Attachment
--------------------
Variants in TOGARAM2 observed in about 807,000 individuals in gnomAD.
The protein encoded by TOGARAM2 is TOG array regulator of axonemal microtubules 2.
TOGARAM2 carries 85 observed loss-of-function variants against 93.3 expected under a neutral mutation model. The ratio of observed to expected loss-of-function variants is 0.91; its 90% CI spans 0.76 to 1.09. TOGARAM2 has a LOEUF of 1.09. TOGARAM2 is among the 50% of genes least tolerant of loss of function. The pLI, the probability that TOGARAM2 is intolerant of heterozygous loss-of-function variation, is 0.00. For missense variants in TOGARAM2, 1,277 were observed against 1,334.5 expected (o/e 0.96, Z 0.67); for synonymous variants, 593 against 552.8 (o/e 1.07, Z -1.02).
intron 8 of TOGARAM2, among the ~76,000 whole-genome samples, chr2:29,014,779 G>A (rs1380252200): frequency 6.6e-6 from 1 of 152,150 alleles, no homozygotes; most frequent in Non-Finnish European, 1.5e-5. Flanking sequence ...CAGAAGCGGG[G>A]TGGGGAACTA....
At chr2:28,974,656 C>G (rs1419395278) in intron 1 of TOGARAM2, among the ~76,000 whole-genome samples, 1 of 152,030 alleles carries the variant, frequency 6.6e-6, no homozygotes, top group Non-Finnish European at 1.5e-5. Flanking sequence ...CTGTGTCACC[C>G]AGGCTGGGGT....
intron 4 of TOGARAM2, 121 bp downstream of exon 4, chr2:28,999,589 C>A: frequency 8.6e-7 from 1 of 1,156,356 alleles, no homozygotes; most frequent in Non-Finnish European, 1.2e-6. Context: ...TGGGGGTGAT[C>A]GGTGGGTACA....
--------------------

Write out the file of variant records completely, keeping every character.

Variants in TOGARAM2 observed in about 807,000 individuals in gnomAD.
The protein encoded by TOGARAM2 is TOG array regulator of axonemal microtubules 2.
TOGARAM2 carries 85 observed loss-of-function variants against 93.3 expected under a neutral mutation model. The ratio of observed to expected loss-of-function variants is 0.91; its 90% CI spans 0.76 to 1.09. TOGARAM2 has a LOEUF of 1.09. TOGARAM2 is among the 50% of genes least tolerant of loss of function. The pLI, the probability that TOGARAM2 is intolerant of heterozygous loss-of-function variation, is 0.00. For missense variants in TOGARAM2, 1,277 were observed against 1,334.5 expected (o/e 0.96, Z 0.67); for synonymous variants, 593 against 552.8 (o/e 1.07, Z -1.02).
intron 8 of TOGARAM2, among the ~76,000 whole-genome samples, chr2:29,014,779 G>A (rs1380252200): frequency 6.6e-6 from 1 of 152,150 alleles, no homozygotes; most frequent in Non-Finnish European, 1.5e-5. Flanking sequence ...CAGAAGCGGG[G>A]TGGGGAACTA....
At chr2:28,974,656 C>G (rs1419395278) in intron 1 of TOGARAM2, among the ~76,000 whole-genome samples, 1 of 152,030 alleles carries the variant, frequency 6.6e-6, no homozygotes, top group Non-Finnish European at 1.5e-5. Flanking sequence ...CTGTGTCACC[C>G]AGGCTGGGGT....
intron 4 of TOGARAM2, 121 bp downstream of exon 4, chr2:28,999,589 C>A: frequency 8.6e-7 from 1 of 1,156,356 alleles, no homozygotes; most frequent in Non-Finnish European, 1.2e-6. Context: ...TGGGGGTGAT[C>A]GGTGGGTACA....